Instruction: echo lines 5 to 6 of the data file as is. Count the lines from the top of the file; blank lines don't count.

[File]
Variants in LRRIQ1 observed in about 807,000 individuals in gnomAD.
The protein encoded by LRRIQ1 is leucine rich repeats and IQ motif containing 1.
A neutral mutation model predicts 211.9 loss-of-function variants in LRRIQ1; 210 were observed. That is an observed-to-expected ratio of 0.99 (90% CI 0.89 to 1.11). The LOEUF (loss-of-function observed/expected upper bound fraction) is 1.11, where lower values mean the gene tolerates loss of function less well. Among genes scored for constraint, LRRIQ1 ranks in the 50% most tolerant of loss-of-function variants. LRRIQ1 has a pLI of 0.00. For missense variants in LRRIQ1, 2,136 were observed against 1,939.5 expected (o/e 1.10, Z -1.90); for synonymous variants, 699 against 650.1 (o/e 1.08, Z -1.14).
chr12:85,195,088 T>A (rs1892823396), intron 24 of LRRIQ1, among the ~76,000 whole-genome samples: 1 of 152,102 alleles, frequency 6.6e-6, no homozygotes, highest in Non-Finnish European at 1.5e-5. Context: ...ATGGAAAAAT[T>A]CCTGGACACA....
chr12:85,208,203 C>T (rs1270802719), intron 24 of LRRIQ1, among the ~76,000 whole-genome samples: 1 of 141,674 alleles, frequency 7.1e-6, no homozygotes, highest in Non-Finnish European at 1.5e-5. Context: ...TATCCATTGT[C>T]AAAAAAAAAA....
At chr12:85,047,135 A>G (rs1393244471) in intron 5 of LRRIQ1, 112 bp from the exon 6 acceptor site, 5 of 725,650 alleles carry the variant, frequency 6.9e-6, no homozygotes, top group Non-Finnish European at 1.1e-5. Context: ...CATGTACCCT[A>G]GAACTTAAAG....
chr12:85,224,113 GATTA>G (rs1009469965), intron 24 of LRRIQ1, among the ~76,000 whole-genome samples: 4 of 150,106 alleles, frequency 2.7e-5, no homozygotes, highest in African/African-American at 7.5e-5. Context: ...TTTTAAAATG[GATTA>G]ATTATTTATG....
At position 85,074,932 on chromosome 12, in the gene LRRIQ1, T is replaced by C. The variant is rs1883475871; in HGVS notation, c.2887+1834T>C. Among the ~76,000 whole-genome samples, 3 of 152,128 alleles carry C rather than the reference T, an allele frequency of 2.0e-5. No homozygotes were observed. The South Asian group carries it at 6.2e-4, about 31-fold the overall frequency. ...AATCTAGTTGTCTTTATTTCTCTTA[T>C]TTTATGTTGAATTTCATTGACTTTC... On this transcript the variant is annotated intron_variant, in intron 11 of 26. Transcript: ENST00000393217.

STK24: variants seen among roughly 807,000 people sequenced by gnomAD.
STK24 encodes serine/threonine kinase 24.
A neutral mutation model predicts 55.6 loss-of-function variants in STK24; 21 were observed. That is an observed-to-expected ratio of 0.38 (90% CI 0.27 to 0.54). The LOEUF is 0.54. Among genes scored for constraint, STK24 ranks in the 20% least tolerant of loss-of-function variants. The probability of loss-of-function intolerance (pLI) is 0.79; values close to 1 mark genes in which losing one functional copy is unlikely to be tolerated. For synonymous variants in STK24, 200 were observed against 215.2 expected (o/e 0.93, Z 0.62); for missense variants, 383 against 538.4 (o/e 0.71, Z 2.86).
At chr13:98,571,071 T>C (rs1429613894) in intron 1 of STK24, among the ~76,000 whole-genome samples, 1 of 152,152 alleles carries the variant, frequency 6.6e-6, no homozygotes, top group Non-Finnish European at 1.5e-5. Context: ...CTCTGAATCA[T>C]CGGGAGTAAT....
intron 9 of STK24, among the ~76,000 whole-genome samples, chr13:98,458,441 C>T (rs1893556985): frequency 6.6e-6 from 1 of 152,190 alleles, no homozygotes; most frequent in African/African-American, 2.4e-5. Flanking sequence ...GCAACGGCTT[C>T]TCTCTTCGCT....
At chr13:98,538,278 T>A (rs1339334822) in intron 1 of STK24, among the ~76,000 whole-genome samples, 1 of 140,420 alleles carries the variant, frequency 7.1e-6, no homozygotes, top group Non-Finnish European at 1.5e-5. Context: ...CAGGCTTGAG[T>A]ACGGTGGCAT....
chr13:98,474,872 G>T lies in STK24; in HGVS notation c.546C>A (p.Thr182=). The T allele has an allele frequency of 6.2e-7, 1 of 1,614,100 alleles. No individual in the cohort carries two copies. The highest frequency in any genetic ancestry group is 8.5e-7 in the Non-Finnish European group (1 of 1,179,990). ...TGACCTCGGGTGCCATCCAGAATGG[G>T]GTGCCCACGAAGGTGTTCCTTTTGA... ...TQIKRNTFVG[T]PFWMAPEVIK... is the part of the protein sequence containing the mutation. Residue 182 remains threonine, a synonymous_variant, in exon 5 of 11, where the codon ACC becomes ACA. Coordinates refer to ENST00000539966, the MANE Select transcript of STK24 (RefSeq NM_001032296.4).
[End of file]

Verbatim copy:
chr12:85,208,203 C>T (rs1270802719), intron 24 of LRRIQ1, among the ~76,000 whole-genome samples: 1 of 141,674 alleles, frequency 7.1e-6, no homozygotes, highest in Non-Finnish European at 1.5e-5. Context: ...TATCCATTGT[C>T]AAAAAAAAAA....
At chr12:85,047,135 A>G (rs1393244471) in intron 5 of LRRIQ1, 112 bp from the exon 6 acceptor site, 5 of 725,650 alleles carry the variant, frequency 6.9e-6, no homozygotes, top group Non-Finnish European at 1.1e-5. Context: ...CATGTACCCT[A>G]GAACTTAAAG....